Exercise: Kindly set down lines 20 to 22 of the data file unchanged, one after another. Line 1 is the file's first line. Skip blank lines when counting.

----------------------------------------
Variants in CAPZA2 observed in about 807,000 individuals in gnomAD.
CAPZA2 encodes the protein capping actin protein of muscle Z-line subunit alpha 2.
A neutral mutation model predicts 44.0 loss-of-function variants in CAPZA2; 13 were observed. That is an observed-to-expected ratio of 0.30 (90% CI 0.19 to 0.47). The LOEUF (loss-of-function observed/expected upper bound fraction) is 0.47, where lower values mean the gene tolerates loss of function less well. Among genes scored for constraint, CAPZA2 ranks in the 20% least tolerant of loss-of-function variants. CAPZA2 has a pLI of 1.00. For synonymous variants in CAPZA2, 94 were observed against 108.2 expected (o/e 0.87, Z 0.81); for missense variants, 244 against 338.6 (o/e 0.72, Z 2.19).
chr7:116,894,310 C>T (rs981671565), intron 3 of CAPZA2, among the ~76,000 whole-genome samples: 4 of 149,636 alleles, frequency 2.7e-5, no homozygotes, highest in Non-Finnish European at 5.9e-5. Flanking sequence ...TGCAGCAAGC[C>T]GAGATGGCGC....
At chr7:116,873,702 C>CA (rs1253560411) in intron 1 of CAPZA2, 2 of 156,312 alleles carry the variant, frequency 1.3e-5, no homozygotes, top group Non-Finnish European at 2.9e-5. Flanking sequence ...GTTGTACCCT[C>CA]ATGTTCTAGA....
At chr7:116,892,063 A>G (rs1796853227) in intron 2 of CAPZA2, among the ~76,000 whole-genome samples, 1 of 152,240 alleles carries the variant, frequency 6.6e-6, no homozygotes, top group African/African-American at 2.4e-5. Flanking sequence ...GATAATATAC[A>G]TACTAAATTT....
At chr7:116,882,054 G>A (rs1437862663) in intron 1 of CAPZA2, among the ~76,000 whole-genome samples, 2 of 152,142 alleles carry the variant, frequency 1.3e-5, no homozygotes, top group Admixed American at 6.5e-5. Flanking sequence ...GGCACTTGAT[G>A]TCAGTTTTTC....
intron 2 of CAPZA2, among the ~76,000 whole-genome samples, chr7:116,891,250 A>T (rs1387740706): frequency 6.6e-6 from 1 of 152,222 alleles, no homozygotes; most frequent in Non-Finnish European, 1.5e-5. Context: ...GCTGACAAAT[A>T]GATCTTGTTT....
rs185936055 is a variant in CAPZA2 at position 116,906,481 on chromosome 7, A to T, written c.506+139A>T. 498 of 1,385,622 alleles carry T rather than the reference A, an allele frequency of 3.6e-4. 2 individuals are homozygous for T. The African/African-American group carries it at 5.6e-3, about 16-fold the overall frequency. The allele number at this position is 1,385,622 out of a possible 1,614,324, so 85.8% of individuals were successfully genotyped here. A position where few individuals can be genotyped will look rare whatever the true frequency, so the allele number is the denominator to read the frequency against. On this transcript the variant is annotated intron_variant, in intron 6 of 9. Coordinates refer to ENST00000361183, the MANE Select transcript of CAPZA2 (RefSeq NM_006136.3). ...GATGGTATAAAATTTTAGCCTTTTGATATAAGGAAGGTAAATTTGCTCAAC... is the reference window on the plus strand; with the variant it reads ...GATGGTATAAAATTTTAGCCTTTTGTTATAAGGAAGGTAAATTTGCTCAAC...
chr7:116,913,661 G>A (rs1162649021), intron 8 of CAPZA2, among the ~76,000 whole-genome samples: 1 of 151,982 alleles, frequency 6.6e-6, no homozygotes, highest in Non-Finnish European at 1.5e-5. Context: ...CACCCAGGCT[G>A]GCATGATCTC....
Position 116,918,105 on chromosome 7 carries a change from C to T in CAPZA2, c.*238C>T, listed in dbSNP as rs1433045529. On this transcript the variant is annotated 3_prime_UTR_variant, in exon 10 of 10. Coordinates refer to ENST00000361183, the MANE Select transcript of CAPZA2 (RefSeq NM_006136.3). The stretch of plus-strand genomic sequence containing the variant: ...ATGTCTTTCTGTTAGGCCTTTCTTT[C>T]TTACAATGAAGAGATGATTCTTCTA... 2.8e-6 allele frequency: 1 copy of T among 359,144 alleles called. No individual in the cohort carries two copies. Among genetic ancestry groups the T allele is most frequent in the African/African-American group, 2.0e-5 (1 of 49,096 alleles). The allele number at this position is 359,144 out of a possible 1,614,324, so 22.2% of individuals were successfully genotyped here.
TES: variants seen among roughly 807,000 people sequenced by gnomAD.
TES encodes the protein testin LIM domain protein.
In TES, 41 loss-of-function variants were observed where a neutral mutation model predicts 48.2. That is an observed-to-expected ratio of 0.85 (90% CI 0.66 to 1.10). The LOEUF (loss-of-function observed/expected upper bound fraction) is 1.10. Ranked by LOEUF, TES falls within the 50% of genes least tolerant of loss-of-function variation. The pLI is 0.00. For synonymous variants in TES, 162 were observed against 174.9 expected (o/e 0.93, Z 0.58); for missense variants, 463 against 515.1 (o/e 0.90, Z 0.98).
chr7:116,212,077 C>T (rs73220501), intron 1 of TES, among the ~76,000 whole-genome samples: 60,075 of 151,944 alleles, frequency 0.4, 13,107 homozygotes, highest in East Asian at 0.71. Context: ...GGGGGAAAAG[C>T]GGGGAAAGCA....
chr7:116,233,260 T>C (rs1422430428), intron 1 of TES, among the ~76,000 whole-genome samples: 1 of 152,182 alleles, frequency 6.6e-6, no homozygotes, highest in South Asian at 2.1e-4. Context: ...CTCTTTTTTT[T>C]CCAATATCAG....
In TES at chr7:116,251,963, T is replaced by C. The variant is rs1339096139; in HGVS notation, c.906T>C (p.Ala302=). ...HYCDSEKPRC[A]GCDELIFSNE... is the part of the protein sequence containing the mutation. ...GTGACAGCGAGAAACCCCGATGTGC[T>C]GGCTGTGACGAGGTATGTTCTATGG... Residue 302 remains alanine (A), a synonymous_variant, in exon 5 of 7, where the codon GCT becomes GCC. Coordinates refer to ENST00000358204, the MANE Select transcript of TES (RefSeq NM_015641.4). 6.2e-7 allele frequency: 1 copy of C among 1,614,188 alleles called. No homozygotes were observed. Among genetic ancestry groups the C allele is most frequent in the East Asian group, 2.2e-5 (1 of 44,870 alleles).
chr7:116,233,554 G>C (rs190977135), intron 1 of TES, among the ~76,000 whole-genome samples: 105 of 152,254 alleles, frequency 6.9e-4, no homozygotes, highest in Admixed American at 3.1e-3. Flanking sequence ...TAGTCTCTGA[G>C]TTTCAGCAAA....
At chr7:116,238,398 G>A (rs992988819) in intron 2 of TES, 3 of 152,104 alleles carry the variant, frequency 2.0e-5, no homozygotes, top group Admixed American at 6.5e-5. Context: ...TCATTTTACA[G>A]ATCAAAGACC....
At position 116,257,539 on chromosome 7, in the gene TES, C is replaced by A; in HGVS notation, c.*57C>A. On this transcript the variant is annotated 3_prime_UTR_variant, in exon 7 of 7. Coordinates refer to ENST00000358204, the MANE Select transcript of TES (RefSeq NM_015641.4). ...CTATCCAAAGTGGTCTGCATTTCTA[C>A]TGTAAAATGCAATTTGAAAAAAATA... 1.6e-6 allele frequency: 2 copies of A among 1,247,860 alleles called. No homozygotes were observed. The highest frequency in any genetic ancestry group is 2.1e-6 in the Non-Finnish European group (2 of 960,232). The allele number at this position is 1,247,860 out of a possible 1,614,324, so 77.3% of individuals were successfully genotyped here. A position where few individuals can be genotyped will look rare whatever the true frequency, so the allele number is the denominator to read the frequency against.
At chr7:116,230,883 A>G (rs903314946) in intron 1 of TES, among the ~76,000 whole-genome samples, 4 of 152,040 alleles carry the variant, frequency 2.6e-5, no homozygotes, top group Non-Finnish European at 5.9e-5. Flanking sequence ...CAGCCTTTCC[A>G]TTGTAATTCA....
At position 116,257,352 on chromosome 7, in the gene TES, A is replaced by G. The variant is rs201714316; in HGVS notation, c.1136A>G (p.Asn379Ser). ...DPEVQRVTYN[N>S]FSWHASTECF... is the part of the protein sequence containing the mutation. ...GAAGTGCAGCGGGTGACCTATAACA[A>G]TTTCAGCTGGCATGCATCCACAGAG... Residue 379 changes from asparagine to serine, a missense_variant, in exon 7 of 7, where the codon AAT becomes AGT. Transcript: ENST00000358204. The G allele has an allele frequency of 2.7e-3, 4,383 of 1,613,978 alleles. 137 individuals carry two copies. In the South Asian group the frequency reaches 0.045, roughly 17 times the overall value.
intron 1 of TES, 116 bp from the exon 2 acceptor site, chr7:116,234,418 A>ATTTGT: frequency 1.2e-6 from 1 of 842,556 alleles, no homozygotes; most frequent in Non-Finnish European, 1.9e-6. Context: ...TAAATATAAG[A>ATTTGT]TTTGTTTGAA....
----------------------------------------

At position 116,257,539 on chromosome 7, in the gene TES, C is replaced by A; in HGVS notation, c.*57C>A. On this transcript the variant is annotated 3_prime_UTR_variant, in exon 7 of 7. Coordinates refer to ENST00000358204, the MANE Select transcript of TES (RefSeq NM_015641.4). ...CTATCCAAAGTGGTCTGCATTTCTA[C>A]TGTAAAATGCAATTTGAAAAAAATA... 1.6e-6 allele frequency: 2 copies of A among 1,247,860 alleles called. No homozygotes were observed. The highest frequency in any genetic ancestry group is 2.1e-6 in the Non-Finnish European group (2 of 960,232). The allele number at this position is 1,247,860 out of a possible 1,614,324, so 77.3% of individuals were successfully genotyped here. A position where few individuals can be genotyped will look rare whatever the true frequency, so the allele number is the denominator to read the frequency against.
At chr7:116,230,883 A>G (rs903314946) in intron 1 of TES, among the ~76,000 whole-genome samples, 4 of 152,040 alleles carry the variant, frequency 2.6e-5, no homozygotes, top group Non-Finnish European at 5.9e-5. Flanking sequence ...CAGCCTTTCC[A>G]TTGTAATTCA....
At position 116,257,352 on chromosome 7, in the gene TES, A is replaced by G. The variant is rs201714316; in HGVS notation, c.1136A>G (p.Asn379Ser). ...DPEVQRVTYN[N>S]FSWHASTECF... is the part of the protein sequence containing the mutation. ...GAAGTGCAGCGGGTGACCTATAACA[A>G]TTTCAGCTGGCATGCATCCACAGAG... Residue 379 changes from asparagine to serine, a missense_variant, in exon 7 of 7, where the codon AAT becomes AGT. Transcript: ENST00000358204. The G allele has an allele frequency of 2.7e-3, 4,383 of 1,613,978 alleles. 137 individuals carry two copies. In the South Asian group the frequency reaches 0.045, roughly 17 times the overall value.